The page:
In many parts of Europe, labour market reforms during the last eight years were misguided and backfired. Theory and evidence tell us that:
- It is always better to have institutions allowing adjustment along several margins, not only employment.
- When implementing labour market reforms, it is important to take into consideration cyclical conditions.
- A very tough fiscal consolidation may be inconsistent with an acceleration of structural reforms, not only because such reforms may be politically more difficult, but mostly because they may just not be desirable under a strong fiscal contraction.
However, in Europe the reforms were implemented:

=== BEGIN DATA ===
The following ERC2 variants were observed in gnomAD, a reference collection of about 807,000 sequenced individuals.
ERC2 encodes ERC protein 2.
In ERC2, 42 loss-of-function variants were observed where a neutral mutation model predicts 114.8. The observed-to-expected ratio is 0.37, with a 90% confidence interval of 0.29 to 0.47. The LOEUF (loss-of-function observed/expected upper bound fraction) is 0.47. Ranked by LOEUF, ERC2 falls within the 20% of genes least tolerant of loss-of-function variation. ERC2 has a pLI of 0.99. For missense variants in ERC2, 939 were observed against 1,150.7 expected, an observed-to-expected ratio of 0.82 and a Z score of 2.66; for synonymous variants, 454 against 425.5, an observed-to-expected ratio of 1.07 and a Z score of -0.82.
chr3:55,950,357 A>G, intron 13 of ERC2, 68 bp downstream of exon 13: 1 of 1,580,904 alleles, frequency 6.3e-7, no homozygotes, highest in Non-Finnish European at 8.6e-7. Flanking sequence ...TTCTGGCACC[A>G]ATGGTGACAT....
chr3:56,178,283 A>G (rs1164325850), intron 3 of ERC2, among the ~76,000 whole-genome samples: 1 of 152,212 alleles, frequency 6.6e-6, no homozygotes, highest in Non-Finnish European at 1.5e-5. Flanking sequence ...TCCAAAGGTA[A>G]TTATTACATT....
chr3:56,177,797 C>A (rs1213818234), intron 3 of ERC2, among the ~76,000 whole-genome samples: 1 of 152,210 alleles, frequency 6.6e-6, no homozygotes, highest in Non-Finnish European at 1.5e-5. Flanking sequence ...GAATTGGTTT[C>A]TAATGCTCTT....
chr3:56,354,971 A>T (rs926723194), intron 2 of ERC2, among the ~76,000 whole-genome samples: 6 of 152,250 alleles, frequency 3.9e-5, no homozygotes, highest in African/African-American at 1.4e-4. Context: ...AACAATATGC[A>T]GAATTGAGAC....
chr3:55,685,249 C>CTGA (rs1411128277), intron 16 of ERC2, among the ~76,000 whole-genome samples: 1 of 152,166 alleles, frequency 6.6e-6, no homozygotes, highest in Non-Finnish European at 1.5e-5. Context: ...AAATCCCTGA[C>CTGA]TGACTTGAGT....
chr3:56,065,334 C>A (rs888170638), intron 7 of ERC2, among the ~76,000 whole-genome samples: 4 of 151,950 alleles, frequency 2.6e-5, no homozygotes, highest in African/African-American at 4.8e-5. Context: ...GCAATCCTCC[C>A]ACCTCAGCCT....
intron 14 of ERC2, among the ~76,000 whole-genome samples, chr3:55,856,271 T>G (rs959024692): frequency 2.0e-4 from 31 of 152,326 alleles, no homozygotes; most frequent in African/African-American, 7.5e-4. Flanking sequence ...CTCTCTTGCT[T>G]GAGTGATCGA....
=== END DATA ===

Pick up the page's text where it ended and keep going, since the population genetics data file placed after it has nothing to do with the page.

- Under a pro-cyclical fiscal policy due to an ill-designed EU policy coordination framework;
- Giving too much weight to measures that promote wage moderation, implement reductions in severance pay, and increase the retirement age in the midst of a major recession;
- Ignoring other, potentially productivity-enhancing reforms, such as those eliminating contractual dualism;
- Not encouraging adjustment along the intensive margin via short-term work, working time accounts, and plant-level agreements;
- Not using actuarial reductions to pensions as a sustainable way to reduce labour market slack.
Chosen excerpts by Job Market Monitor. Read the whole story at Why Europe needs better labour market reforms – Agenda – The World Economic Forum.